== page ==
Julia Chavez-Boswell buries her head in her boyfriend Chad Hahn’s chest as Harborview medical staff examine a fishhook in her son four-year-old son’s Ryker Boswell’s eye. “He’s my only child, you just feel helpless,” Chavez said. “There is nothing you can do. Your child is frightened. You are trying to be strong for the other person without letting them know how frightened you are. It’s a helpless feeling. Your biggest prayer is that the doctor is able to correct what happened.” Chavez said Harborview surgeons and doctors did a great job with the procedure, and appreciated their sensitive bedside manner. “You don’t get loving care like that very often,” she said. “It was beautiful balance of care and medical practice.”
RN Dan Ursino puts ointment on Gerardo Ponce De Leon Ayala’s road rash in the Harborview Emergency Department. Ayala attempted to stop his car from rolling down a Capitol Hill street and was drug by the vehicle. “I was very scared,” he said. “I’m glad nothing happened worse.”
Harborview staff tries to save the life of a man who fell in downtown Seattle. Tony Parker, medical assistant, second from right, gives CPR. Parker said he’s learned to develop a mindset that once he is in the emergency department, he is there to focus on his job. “Becoming emotional or involved doesn’t make the situation better,” he said. Parker said some of the best parts of being a medical assistant is working with the community and helping others.
Vovinam Viet Vo Dao martial arts group circle fireworks during First Full Moon Ceremony of the Lunar New Year at the Ksitigarbha Temple in Lynnwood, Wash. Sunday, Feb. 16, 2014. More than 1,000 people visited the Chinese and Vietnamese Buddhist Association for lion and dragon dancer performances, firecrackers, offering and prayers, as well as a free vegetarian lunch. The Ksitigarbha Temple, home to two Buddhist shrines, is only open during special ceremonies throughout the year. For more information, visit: http://diatangtemple.org.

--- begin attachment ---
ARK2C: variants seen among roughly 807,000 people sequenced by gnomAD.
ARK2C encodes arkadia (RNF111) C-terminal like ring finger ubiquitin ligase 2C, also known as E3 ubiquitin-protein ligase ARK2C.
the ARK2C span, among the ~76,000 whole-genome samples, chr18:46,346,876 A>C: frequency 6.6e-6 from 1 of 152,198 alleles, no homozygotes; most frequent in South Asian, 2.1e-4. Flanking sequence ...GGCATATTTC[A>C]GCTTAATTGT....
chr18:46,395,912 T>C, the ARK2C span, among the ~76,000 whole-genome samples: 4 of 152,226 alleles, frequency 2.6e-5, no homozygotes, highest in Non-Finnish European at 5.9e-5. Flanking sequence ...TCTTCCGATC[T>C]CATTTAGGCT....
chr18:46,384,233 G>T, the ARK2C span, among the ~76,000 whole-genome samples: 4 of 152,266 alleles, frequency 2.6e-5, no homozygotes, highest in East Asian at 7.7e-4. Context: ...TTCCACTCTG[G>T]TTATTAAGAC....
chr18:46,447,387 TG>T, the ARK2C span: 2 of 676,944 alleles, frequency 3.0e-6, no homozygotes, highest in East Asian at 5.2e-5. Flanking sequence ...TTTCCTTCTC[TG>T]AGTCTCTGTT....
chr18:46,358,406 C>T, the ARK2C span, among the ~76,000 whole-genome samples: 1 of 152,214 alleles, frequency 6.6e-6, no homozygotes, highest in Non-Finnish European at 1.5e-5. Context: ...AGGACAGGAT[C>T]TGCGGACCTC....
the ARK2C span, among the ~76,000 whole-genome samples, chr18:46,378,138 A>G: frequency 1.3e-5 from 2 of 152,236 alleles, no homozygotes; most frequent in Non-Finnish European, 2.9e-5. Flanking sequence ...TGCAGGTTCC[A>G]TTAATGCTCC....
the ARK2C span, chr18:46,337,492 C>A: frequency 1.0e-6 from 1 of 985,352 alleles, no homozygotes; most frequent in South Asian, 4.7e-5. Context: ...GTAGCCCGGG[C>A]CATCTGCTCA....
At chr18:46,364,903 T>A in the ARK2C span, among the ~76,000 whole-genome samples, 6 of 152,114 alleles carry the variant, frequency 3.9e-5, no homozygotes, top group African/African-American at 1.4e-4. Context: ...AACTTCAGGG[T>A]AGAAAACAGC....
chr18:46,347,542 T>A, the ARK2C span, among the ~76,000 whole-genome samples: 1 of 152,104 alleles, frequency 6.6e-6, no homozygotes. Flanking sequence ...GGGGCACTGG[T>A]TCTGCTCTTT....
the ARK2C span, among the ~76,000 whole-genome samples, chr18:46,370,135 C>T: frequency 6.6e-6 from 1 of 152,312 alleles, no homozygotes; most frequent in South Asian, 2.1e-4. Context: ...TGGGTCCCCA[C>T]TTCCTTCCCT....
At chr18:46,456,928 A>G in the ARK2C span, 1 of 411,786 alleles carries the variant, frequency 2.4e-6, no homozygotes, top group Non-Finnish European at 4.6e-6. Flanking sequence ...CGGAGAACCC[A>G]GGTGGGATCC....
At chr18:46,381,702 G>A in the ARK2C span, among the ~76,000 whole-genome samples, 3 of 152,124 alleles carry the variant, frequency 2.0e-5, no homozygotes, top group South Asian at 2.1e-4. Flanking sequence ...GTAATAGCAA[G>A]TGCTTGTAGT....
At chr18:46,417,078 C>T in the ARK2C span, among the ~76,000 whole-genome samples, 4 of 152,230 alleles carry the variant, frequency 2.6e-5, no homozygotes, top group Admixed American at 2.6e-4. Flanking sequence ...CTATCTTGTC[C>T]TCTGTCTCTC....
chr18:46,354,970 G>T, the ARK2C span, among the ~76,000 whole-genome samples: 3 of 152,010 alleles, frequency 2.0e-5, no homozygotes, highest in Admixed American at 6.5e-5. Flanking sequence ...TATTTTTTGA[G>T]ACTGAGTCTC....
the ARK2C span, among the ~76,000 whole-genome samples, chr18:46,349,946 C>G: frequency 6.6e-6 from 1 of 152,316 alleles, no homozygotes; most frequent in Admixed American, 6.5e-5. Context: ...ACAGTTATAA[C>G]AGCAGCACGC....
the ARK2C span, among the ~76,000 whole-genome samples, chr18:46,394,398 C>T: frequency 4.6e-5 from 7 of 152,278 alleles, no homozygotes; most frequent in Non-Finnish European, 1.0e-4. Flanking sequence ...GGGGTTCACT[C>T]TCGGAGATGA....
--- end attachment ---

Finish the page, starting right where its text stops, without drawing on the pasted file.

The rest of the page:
Crowds watch dragon and lion dancers during the First Full Moon Ceremony of the Lunar New Year at the Ksitigarbha Temple in Lynnwood, Wash. Sunday, Feb. 16, 2014. More than 1,000 people visited the Chinese and Vietnamese Buddhist Association for lion and dragon dancer performances, firecrackers, offering and prayers, as well as a free vegetarian lunch.
A Buddhist monk watches the fireworks during First Full Moon Ceremony of the Lunar New Year at the Ksitigarbha Temple in Lynnwood, Wash. Sunday, Feb. 16, 2014. More than 1,000 people visited the Chinese and Vietnamese Buddhist Association for lion and dragon dancer performances, firecrackers, offering and prayers, as well as a free vegetarian lunch. The Ksitigarbha Temple, home to two Buddhist shrines, is only open during special ceremonies throughout the year.
Adisa Dzamalija, from left, Edina Kunduklija, Amina Becic and Anela Becic talk after singing at the commemoration of the Bosnian genocide Saturday, July 12, 2014 at the Islamic Community of Bosniaks in Washington in Shoreline.
More than 200 people gathered for a Bosnian genocide commemoration ceremony Saturday, July 12, 2014 at the Islamic Community of Bosniaks in Washington in Shoreline. The non-profit Voices of the Bosnian Genocide, comprised mostly of young people, organized the event
Meho Mestrovac, center, tears up during a commemoration of the Bosnian genocide. About 200 people gathered for the interfaith program aimed to honor the victims, share local families’ stories and unite the Bosnian community and their neighbors in hope of preventing future genocides. Many local Bosnians lost family members during the July 1995 massacres, where Serbian forces executed more than 8,000 Muslim boys and men. Some of those families are still waiting for their loved ones remains to be found. During the Bosnian War, Mestrovac lost around 20 members of his family, and spent 10 months in a concentration camp. “It’s not often we get to tell our story,” said Irfan Mirza, with the non-profit Voices of the Bosnian Genocide, who organized the program. “These stories help us form the collective memory of this community, we are part of mosaic of American fabric and we don’t speak out, then we become underlayment.” (The cloth under the quilt.) Representatives from the Jewish and Christian community also attended the event, and shared the iftar, the evening meal when Muslims break fasting during Ramadan.